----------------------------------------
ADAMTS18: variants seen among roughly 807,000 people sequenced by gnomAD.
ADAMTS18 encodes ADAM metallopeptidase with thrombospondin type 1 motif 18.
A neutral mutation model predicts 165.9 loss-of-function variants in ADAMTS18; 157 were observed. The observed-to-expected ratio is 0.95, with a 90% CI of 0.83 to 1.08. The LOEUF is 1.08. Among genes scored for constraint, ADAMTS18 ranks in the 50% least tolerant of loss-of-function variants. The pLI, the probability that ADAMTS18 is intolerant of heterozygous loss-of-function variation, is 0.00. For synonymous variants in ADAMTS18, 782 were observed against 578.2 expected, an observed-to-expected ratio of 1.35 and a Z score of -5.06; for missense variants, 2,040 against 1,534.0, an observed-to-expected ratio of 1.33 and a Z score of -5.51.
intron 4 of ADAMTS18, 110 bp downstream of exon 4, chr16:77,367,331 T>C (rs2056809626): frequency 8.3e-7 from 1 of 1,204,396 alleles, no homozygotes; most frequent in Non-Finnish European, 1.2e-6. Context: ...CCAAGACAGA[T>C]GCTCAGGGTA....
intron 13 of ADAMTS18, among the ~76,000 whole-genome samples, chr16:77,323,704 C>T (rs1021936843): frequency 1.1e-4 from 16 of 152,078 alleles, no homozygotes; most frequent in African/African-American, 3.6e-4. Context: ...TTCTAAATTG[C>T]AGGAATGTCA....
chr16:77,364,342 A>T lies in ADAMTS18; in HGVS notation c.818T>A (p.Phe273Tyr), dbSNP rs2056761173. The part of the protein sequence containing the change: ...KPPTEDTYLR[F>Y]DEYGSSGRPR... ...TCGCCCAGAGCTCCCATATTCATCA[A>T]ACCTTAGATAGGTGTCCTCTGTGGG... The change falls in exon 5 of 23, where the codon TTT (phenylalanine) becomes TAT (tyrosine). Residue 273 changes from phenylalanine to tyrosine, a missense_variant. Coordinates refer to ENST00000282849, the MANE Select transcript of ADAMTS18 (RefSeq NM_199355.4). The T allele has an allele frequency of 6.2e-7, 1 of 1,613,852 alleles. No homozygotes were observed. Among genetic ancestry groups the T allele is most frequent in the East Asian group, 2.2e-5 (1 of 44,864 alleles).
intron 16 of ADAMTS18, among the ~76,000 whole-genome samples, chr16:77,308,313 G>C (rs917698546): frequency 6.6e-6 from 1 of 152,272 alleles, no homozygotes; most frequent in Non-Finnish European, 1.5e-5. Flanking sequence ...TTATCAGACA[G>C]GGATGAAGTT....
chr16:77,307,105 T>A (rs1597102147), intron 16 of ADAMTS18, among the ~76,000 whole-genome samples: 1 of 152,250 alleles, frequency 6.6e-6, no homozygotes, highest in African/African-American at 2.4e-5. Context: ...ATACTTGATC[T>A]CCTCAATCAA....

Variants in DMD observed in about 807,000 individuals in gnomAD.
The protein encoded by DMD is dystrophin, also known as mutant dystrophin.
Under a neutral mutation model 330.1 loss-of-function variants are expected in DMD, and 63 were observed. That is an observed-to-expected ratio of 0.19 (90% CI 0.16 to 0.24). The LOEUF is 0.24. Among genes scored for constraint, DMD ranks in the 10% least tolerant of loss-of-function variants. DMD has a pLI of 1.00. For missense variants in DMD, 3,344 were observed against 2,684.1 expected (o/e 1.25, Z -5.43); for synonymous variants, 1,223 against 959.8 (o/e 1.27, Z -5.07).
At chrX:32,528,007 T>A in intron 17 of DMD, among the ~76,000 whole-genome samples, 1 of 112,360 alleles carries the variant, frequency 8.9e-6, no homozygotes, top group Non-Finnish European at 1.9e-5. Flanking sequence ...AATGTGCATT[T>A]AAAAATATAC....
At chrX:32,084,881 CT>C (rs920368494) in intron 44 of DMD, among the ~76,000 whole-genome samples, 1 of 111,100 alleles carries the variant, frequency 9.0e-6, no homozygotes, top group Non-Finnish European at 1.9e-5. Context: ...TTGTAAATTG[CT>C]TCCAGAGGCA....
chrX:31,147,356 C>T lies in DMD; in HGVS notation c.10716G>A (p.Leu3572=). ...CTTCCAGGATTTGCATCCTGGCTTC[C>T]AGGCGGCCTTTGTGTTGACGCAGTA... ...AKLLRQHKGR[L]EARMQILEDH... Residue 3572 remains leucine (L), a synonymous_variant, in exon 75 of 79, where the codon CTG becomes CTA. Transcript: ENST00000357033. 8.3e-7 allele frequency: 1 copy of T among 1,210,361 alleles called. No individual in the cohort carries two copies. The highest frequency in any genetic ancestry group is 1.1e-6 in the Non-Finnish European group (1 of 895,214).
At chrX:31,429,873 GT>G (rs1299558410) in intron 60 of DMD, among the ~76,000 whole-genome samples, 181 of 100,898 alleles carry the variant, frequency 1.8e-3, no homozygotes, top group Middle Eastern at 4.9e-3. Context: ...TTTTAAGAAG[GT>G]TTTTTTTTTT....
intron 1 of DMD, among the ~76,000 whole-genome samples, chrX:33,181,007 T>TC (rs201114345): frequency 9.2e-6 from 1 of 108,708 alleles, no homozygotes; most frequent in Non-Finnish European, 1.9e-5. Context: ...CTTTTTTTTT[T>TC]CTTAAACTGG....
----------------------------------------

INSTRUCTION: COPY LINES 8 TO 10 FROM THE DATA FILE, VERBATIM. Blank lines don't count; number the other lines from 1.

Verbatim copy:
chr16:77,307,105 T>A (rs1597102147), intron 16 of ADAMTS18, among the ~76,000 whole-genome samples: 1 of 152,250 alleles, frequency 6.6e-6, no homozygotes, highest in African/African-American at 2.4e-5. Context: ...ATACTTGATC[T>A]CCTCAATCAA....

Variants in DMD observed in about 807,000 individuals in gnomAD.
The protein encoded by DMD is dystrophin, also known as mutant dystrophin.